Are you judgmental? Most people will answer No! Some will say, “I’m just calling it like it is!” What is missing in that response is every statement or conclusion can be seen as subjective. It’s formed from the perspective of one’s experiences, beliefs and situations encountered.

“Judge not, that ye be not judged” (Matt 7:1).

“Woe unto you, scribes and Pharisees, hypocrites! for ye devour widows’ houses, and for a pretense make long prayer: therefore ye shall receive the greater damnation,” (Matt. 23:14).


Jesus: The Light of the World chose good over evil.  Some believed him to e judgmental.

Having a discussion with a person one day, a comment was made that a decision made by a group of people had not been handled properly, thereby causing the results to be contrary to the purpose intended. Further, the same group had made a similar decision earlier, and if it did not work positively the first time, why would they expect repeating the process would yield a different result? The response from the “person” was, that the comment was judgmental, because it was not known what was in the minds of the group who made the decision. The answer to that statement was, “I am not responding to what was in their minds, I am responding to the consequences. I was that person.


Webster defines “judge” as “the ability to decide or give an opinion.”

Merriam-Webster says judge means “to form an opinion about through careful weighing of evidence and testing.”

Macmillian Thesausus concludes that judge means “to form an opinion about something after considering all the facts and details.”


From the above definitions, one could conclude that both people were correct in their assessment. The “person” based his opinion on an economic book that had been read, coupled with the economist’s years of experience, whereas the writer based her opinion on the negative impact the decision made on the economy, and the large amount of people who suffered because of it. However, the writer reflected on the discussion and because “getting it spiritually right” was of great importance to her, concluded both viewpoints had to be viewed from a spiritual perspective.

Goodness requires deep thought and the concentration on goodness, not anger.  Are you judgmental?

Jesus said, “Judge not, that ye be not judged.” Interpretation of that statement has traditionally meant , “If you condemn a deed made by someone, you are judging them and…you have no right to do that.” If that were the case, the second verse would indicate Jesus was passing judgment on the Pharisees when he called them hypocrites. As the “Judge not, lest ye be judged” statement was pondered, it became clear that for too long, that statement had been taken out of context. A closer look at the biblical chapter before it, reveals it follows a series of dos and don’ts as Jesus was teaching mankind how to live righteously.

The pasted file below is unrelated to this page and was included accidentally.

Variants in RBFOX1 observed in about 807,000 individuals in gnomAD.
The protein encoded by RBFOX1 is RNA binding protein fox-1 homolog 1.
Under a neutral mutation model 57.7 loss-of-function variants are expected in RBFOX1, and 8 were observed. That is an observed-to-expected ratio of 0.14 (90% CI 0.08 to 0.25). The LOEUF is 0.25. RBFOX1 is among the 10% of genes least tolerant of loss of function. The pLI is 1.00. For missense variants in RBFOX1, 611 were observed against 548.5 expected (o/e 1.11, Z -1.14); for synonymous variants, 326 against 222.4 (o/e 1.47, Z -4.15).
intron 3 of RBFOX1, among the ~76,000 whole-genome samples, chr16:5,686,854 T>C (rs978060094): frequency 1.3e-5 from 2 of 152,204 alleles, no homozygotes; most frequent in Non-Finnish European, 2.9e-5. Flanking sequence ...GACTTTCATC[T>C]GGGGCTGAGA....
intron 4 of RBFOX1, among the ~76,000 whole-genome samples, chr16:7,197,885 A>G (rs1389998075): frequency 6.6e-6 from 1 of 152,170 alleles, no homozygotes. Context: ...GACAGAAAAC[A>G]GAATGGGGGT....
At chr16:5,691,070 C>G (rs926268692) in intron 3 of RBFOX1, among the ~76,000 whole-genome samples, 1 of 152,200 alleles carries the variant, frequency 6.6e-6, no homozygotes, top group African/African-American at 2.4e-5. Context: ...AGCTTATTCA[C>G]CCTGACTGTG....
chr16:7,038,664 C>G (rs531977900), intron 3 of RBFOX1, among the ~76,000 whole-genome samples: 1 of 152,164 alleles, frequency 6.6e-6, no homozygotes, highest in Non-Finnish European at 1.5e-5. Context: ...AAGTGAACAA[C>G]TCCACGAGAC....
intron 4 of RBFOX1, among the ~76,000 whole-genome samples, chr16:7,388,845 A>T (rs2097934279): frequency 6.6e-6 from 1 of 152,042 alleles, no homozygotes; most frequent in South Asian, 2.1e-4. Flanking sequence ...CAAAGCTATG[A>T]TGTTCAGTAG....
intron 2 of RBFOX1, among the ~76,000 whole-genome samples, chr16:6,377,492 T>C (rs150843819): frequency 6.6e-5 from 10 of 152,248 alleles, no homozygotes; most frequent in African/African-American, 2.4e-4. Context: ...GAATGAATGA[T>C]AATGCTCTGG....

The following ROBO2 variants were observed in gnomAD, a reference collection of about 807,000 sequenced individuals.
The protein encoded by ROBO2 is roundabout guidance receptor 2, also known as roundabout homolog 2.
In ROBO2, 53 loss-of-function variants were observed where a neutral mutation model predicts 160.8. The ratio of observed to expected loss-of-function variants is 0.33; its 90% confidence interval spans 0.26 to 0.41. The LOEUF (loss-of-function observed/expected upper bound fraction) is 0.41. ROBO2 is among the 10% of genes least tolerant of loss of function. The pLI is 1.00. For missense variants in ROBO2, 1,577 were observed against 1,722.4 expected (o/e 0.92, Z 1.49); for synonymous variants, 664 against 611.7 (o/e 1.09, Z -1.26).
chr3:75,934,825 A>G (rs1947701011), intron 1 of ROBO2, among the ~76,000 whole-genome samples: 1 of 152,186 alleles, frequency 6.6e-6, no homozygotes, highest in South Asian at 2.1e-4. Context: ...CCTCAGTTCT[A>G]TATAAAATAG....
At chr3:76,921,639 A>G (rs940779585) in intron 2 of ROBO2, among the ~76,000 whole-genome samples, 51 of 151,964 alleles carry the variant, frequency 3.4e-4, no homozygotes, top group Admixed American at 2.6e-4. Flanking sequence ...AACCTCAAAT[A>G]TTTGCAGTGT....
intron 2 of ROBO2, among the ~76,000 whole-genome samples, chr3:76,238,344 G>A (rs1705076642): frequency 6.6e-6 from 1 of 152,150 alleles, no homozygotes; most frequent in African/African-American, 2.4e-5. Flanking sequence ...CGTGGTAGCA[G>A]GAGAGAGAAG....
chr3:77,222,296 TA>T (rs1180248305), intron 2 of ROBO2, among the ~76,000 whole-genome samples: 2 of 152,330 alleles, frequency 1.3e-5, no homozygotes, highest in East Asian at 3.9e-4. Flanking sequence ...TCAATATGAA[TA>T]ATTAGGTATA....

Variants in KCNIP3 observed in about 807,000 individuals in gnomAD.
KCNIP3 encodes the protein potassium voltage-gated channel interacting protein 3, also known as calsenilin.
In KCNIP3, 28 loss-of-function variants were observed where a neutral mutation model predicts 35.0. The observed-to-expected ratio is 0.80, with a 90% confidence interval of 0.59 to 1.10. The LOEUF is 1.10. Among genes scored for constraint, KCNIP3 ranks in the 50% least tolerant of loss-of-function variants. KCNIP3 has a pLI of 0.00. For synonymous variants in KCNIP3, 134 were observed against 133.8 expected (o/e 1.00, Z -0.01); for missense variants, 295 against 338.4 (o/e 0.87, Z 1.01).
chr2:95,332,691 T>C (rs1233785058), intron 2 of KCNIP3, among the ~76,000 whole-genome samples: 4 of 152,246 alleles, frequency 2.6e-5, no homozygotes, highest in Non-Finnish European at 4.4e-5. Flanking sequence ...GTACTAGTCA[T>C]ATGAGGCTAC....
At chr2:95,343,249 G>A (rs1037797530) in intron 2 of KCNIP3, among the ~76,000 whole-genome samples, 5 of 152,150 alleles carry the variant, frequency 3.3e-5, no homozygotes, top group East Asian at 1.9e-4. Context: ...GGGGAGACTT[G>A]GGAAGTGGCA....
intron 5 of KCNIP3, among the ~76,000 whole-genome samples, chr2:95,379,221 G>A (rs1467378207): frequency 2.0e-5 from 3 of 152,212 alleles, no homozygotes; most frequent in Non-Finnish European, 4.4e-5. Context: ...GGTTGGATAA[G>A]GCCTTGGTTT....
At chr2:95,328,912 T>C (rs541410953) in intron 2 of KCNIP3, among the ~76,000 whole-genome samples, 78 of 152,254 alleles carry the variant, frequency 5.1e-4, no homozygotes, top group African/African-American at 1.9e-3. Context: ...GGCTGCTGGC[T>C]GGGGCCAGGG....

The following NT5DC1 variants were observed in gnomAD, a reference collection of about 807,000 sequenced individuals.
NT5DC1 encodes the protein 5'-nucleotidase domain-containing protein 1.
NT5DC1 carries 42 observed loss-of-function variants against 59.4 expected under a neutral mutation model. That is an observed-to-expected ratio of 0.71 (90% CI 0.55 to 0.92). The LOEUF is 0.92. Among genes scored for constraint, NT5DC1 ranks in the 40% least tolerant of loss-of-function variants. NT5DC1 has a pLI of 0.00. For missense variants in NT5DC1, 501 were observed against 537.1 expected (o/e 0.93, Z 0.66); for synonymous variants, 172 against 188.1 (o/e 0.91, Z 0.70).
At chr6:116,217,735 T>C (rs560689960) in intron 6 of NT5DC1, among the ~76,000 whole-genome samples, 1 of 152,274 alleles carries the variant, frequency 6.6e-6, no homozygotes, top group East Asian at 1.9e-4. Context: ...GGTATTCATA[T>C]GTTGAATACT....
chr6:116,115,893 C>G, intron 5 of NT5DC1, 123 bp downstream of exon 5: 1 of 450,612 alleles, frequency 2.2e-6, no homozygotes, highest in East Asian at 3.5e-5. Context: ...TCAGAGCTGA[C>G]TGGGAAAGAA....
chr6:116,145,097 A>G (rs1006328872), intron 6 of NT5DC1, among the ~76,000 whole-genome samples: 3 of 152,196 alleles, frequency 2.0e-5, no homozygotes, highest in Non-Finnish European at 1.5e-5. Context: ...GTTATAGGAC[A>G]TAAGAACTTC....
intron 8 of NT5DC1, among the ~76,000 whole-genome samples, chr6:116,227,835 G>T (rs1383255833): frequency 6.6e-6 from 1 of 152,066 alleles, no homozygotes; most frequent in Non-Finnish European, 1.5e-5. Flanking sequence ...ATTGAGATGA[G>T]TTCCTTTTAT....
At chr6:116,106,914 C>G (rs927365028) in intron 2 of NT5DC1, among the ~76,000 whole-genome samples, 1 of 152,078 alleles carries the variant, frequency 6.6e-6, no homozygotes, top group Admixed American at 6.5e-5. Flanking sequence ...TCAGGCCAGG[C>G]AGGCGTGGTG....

Within that lesson, he gave guidelines on how to pray, avoid hypocrisy, give to the poor with right motives, do things not to be seen of the world, but because of a pure heart, learn what it meant to forgive, stop placing money and power over goodness and mercy, resist glorifying the physical body and gain understanding of the spiritual body, develop faith and hope during human tribulations, and stop seeking material things over spiritual things. He did not see those behaviors in action by mankind and “called them out” for not doing so. Was he too being judgmental?


The writer does not think so. Evil has to be uncovered and destroyed. Those of us who stand by quietly and let it happen, can be construed as sanctioning it. “Putting one’s head in the sand” and pretending things are not happening, is hypocritical. Ignoring evil, is not dealing with it. A simplistic example of “judge ye not, lest ye be judged,” is to steal someone’s dog, and condemn them or someone else for stealing a cat. Make sure you have not stolen a dog before you condemn another for stealing a cat! It’s not about seeing a wrong, calling it out, and trying to find a better way of doing it. Jesus “called out” the Pharisees for doing so! What was the act condemned by the writer?


It was speaking out against using tax payers’ money to bail out large corporations (once again) and doing nothing when previously, some of the same corporations had used the funds to invest in themselves, lay-off workers and give huge salaries to corporate heads. What made it so disconcerting to bail them out was, it was they who had placed the entire country in a steep recession with their deceptive behaviors. This year’s funding was an attempt to stimulate the economy thus, funds should have been given to small and middle-sized businesses that supply the majority of jobs in the country. Many large banks and corporations have become multi-billionaires from the first bail-out and needed no assistance. To condone or make excuses for such actions, seems hypocritical…what do you think?



What motivated the writer to do further pondering of the accusation of judgment? Was it guilt? Was it to prove the other person wrong? Initially, those were part of the motivation, but with years of honest, soul-searching, the writer knew that in order to gain divine wisdom, her motives had to be purified. In so doing, she was led to find answers to a quote that had plagued her consciousness for years. Debates with individuals had often ended with the biblical words of Jesus thrown at her as a defense against her desire to correct a wrong, and…she had had no positive response. It is not a matter of winning an argument, it’s a matter of righting a wrong.


During this human journey to the acquisition of grace and love, self-examination, self-analysis and self-love must be looked at, motives examined and righteous indignation overcome. Therefore, recognizing when the actions of others are not represented with grace and love and exposing them, is also part of the human journey. We demonstrate…what we believe.